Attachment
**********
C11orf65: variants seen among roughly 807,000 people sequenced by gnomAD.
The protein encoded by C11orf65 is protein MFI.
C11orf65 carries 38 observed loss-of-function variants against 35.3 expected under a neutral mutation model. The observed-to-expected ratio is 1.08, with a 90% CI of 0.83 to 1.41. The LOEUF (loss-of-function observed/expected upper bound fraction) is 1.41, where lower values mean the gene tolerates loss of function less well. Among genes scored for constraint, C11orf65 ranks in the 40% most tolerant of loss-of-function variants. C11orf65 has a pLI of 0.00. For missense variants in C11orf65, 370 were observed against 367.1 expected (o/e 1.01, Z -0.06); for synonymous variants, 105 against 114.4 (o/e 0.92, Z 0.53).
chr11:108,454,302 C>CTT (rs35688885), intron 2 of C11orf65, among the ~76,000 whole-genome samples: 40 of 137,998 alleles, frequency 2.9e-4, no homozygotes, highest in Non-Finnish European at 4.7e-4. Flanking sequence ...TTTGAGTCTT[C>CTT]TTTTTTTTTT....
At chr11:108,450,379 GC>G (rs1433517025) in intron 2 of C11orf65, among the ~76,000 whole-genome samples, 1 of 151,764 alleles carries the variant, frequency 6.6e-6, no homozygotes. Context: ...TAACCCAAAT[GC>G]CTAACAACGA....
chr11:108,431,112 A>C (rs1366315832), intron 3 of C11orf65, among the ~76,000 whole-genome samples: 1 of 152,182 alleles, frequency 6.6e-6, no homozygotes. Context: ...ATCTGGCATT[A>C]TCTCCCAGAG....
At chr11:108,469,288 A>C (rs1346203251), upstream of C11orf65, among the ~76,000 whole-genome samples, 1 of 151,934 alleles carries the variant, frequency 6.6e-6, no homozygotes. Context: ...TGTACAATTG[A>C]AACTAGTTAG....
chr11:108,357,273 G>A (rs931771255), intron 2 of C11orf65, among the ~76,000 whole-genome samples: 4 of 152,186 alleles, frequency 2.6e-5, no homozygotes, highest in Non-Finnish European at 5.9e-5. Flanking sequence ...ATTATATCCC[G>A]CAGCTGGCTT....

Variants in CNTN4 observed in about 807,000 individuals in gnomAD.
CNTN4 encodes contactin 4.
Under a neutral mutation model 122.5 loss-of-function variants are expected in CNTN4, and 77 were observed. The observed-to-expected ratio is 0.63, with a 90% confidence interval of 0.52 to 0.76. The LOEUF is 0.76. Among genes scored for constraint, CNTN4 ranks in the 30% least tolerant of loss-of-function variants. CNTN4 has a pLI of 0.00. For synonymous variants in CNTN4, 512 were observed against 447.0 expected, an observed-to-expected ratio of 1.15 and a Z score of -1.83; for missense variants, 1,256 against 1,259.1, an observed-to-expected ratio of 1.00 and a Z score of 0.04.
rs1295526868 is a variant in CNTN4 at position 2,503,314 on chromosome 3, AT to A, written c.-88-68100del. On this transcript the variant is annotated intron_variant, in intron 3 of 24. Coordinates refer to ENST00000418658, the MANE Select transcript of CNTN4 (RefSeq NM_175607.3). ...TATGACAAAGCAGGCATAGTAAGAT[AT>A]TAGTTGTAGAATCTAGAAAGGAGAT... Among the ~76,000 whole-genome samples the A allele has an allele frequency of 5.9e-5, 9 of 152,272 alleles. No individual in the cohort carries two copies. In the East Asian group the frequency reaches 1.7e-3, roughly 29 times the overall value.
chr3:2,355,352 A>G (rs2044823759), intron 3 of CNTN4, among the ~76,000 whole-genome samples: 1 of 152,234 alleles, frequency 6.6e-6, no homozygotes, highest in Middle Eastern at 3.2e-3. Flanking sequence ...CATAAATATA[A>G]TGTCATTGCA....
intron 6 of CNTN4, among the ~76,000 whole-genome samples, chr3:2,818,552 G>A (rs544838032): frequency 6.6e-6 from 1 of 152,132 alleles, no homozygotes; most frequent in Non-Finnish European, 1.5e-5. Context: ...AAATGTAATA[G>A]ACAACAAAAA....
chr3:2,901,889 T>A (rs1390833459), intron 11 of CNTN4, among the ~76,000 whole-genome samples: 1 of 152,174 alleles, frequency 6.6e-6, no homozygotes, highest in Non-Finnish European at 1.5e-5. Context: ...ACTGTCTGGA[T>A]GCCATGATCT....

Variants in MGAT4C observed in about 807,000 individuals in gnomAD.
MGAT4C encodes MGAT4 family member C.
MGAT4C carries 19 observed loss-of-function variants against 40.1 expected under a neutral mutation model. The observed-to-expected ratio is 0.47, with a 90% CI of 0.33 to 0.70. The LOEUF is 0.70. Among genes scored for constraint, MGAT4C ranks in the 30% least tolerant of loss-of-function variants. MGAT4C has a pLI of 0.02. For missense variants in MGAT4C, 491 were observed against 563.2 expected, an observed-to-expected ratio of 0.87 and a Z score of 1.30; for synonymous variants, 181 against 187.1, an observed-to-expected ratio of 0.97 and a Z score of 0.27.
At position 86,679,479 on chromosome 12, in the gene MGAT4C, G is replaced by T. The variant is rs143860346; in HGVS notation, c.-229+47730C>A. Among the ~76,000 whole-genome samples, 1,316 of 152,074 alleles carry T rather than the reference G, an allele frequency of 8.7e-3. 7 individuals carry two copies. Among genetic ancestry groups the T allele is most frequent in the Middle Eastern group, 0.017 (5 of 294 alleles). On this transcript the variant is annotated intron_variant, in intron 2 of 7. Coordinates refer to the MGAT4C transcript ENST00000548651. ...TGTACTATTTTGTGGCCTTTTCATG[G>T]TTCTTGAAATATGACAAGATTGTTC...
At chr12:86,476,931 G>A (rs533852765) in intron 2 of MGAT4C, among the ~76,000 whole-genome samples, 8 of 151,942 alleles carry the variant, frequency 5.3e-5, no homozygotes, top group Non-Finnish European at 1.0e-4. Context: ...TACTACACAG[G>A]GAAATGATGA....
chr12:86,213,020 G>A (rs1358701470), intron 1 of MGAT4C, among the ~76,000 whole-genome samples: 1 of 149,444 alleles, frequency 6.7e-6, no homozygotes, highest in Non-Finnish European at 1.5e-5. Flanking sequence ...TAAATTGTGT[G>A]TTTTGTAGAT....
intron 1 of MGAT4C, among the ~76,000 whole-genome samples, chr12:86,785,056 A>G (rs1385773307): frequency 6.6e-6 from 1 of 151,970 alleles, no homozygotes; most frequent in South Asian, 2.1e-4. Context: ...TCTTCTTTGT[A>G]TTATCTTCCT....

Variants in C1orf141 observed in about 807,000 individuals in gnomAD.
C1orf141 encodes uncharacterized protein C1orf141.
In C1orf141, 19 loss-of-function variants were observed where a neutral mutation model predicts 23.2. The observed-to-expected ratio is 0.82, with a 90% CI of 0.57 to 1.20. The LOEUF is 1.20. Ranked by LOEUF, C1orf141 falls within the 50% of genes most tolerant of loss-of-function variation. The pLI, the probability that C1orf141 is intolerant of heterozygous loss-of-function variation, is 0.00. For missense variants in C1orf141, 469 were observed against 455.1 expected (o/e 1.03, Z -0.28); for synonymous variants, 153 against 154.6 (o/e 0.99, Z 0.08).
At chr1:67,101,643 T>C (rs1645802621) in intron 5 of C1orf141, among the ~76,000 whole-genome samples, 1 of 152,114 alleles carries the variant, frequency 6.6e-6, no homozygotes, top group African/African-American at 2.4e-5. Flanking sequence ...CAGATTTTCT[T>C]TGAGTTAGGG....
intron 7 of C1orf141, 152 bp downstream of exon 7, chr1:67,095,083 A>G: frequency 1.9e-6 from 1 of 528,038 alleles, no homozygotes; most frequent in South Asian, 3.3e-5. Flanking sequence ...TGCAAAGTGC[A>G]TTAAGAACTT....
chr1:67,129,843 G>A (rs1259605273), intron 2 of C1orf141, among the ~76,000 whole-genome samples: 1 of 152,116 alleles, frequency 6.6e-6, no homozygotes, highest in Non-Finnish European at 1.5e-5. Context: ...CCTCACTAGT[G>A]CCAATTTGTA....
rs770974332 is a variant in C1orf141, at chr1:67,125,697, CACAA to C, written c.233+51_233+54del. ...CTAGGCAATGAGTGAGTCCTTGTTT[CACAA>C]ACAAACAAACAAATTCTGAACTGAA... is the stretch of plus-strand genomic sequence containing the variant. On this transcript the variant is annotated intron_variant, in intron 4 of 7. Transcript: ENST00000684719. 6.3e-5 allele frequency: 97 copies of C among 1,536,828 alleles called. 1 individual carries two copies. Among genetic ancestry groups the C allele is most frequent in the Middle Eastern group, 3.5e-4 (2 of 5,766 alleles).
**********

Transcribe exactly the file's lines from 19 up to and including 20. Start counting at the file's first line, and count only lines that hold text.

At position 86,679,479 on chromosome 12, in the gene MGAT4C, G is replaced by T. The variant is rs143860346; in HGVS notation, c.-229+47730C>A. Among the ~76,000 whole-genome samples, 1,316 of 152,074 alleles carry T rather than the reference G, an allele frequency of 8.7e-3. 7 individuals carry two copies. Among genetic ancestry groups the T allele is most frequent in the Middle Eastern group, 0.017 (5 of 294 alleles). On this transcript the variant is annotated intron_variant, in intron 2 of 7. Coordinates refer to the MGAT4C transcript ENST00000548651. ...TGTACTATTTTGTGGCCTTTTCATG[G>T]TTCTTGAAATATGACAAGATTGTTC...
At chr12:86,476,931 G>A (rs533852765) in intron 2 of MGAT4C, among the ~76,000 whole-genome samples, 8 of 151,942 alleles carry the variant, frequency 5.3e-5, no homozygotes, top group Non-Finnish European at 1.0e-4. Context: ...TACTACACAG[G>A]GAAATGATGA....